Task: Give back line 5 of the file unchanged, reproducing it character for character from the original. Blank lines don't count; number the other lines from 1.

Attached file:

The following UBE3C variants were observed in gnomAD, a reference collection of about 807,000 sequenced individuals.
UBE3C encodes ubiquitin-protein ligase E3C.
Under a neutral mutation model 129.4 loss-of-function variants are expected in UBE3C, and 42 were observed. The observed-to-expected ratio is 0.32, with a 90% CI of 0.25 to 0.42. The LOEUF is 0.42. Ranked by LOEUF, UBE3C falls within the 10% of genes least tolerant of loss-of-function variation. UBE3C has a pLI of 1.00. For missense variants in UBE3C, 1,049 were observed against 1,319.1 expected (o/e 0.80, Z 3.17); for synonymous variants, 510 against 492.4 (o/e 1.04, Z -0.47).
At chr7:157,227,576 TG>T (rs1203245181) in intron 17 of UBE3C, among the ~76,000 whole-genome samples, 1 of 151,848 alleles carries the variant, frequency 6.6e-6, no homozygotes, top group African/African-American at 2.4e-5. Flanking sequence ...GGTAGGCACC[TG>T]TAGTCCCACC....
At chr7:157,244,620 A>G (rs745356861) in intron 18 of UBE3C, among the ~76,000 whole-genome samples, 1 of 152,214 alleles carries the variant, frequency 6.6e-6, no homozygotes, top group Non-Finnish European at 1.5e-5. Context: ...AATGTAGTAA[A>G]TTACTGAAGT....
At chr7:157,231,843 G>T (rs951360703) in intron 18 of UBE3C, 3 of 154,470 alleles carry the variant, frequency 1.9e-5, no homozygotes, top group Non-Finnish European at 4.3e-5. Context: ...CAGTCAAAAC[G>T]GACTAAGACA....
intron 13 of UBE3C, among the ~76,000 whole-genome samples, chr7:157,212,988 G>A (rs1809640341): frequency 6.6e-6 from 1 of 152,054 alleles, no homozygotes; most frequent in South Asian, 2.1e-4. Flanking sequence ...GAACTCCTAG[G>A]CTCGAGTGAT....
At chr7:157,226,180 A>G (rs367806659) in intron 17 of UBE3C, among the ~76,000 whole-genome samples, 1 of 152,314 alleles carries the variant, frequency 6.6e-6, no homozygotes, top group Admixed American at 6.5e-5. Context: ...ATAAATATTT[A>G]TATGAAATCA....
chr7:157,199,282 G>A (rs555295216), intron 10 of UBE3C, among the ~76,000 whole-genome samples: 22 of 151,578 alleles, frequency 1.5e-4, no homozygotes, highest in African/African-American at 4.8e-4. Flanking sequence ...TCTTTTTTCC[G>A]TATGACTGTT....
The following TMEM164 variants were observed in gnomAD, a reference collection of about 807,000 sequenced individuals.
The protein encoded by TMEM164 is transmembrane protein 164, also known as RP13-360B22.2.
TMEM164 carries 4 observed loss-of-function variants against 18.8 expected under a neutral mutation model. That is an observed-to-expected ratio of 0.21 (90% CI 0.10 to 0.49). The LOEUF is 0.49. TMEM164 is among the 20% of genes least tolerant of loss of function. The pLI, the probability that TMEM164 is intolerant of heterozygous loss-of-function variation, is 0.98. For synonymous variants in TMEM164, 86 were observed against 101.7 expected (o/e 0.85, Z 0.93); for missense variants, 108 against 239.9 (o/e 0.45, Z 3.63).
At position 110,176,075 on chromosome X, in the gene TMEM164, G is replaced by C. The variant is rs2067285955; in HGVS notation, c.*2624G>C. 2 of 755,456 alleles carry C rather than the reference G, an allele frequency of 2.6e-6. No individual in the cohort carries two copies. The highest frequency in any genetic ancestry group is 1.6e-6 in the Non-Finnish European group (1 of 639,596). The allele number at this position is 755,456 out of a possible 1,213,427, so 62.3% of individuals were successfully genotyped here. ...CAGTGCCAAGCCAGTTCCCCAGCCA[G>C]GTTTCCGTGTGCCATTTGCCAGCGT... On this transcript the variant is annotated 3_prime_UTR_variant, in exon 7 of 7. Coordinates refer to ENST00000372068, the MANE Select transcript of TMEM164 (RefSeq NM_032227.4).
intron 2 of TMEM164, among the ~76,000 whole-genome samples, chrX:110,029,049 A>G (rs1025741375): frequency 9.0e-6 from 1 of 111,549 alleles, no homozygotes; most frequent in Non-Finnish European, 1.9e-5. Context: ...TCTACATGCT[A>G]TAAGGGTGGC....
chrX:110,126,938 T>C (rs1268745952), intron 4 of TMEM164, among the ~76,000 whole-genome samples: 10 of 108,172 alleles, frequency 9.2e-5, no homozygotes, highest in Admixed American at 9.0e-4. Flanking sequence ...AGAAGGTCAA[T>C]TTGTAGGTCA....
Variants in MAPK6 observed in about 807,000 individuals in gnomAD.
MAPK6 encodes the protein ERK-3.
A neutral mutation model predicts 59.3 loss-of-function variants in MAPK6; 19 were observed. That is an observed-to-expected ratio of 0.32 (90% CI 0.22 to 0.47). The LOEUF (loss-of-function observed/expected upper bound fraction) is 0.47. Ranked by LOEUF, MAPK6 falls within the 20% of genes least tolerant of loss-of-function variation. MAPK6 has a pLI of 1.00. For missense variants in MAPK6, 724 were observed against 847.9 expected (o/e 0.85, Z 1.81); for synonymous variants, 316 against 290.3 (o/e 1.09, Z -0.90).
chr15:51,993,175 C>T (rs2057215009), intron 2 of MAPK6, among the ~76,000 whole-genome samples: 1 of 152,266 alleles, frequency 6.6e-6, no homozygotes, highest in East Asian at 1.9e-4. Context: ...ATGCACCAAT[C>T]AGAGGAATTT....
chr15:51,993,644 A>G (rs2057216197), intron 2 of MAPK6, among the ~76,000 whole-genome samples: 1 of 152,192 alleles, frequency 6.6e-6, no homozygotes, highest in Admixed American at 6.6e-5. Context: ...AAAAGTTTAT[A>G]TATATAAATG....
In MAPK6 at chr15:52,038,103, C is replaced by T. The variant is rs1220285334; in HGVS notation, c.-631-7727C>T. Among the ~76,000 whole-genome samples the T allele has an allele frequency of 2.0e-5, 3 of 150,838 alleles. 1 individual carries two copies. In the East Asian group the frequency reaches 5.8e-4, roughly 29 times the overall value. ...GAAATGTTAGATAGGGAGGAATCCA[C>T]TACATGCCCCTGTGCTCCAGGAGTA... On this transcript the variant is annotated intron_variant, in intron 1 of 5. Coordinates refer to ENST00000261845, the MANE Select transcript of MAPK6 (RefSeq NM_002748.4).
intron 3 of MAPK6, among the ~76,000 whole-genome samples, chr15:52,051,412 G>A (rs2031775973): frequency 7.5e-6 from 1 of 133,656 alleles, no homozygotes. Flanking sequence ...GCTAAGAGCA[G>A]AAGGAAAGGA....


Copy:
At chr7:157,244,620 A>G (rs745356861) in intron 18 of UBE3C, among the ~76,000 whole-genome samples, 1 of 152,214 alleles carries the variant, frequency 6.6e-6, no homozygotes, top group Non-Finnish European at 1.5e-5. Context: ...AATGTAGTAA[A>G]TTACTGAAGT....